Hyperglycaemia, diabetes mellitus and COVID-19 in a tertiary hospital in KwaZulu-Natal
Background: Despite a substantial diabetes mellitus (DM) burden, there are few data regarding the relationship between DM and hyperglycaemia on COVID-19 severity and outcome in African populations. This study aimed to describe this relationship in the local context, and to determine whether our data correlated with observations made globally.
Methods: Retrospective analysis of patients admitted to King Edward VIII Hospital with COVID-19 during June September 2020 was undertaken. The sample was subdivided into three cohorts: DM; hyperglycaemia only (HO); and neither DM nor hyperglycaemia (NDNH). Patients living with DM (PLWD) were further subdivided into those with hyperglycaemia (PLWDH) versus normoglycaemia (PLWDN). Comparisons were made across groups.
Results: The 236 participants enrolled comprised 79 with DM, 22 with HO, and 135 with NDNH. Half of patients with HO, 26.6% of PLWD and 15.6% of NDNH died. A log-rank test revealed significantly lower survival rates for those with HO compared with PLWDN (p = 0.001) and NDNH (p = 0.002). PLWDH also had significantly lowe survival rates when compared with these two groups (p = 0.018 and p = 0.039 respectively). PLWD were significantly more likely to receive steroids (odds ratio [OR] 2.03) and oxygen therapy (OR 2.93). Patients with HO were significantly more likely to receive mechanical ventilation (MV) (OR 7.7) and die (OR 5.43). Compared with PLWDN, PLWDH were significantly more likely to receive MV (OR 10.83) and die (OR 4.24). When compared with PLWDN, patients with HO were significantly more likely to receive oxygen (100% vs. 70.4%), MV (63.6% vs. 3.7%) or die (50% vs. 11.1%).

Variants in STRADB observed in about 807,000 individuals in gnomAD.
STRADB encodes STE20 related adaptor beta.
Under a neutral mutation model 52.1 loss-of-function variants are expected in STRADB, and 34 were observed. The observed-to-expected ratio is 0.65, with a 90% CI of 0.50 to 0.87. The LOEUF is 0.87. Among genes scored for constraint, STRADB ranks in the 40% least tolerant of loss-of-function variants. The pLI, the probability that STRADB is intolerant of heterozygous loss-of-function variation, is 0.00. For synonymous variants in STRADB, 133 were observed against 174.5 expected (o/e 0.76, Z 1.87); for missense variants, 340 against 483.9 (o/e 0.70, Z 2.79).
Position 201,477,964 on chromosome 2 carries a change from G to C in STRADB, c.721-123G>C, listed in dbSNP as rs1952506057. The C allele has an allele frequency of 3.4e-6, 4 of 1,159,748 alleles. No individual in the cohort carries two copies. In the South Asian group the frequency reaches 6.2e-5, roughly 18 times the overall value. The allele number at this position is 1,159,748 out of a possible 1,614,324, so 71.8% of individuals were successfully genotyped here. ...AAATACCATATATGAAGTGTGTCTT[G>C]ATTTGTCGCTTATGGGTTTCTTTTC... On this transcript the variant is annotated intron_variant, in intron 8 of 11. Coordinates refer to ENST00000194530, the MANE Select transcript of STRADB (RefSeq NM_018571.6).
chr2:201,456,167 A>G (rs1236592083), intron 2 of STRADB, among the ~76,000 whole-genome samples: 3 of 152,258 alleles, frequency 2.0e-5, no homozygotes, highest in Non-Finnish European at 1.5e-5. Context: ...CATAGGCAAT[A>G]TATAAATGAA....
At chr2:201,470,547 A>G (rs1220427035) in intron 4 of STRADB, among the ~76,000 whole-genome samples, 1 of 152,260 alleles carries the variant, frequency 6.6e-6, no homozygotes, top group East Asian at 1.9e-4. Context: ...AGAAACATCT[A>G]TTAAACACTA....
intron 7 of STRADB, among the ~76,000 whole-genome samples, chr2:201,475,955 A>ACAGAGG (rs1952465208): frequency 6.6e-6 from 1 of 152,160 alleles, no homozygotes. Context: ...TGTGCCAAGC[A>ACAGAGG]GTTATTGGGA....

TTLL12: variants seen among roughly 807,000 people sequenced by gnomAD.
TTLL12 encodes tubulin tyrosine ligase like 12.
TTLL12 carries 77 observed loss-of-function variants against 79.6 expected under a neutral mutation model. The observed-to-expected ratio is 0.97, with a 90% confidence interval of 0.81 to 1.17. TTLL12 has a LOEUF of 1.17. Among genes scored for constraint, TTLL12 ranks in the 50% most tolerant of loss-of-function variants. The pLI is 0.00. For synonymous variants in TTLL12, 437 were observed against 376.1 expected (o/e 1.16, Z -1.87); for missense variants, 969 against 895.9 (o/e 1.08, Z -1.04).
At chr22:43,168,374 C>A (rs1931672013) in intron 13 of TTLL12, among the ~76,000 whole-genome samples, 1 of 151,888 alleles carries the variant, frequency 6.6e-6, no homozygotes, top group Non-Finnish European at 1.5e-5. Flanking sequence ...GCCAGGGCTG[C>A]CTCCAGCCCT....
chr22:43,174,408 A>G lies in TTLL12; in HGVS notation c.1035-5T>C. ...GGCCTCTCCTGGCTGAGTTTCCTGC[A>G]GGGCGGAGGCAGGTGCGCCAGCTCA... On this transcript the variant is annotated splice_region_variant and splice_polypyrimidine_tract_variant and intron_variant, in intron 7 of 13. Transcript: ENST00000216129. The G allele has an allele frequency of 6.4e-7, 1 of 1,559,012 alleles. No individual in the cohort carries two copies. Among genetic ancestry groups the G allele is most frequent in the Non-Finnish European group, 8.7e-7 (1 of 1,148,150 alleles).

Conclusion: This study concurred with global findings, highlighting the importance of glycaemia as a prognostic marker in patients hospitalised with COVID-19. We recommend that all patients admitted with COVID-19 have a random glucose on admission and strict glycaemic control in those with hyperglycaemia to improve outcomes.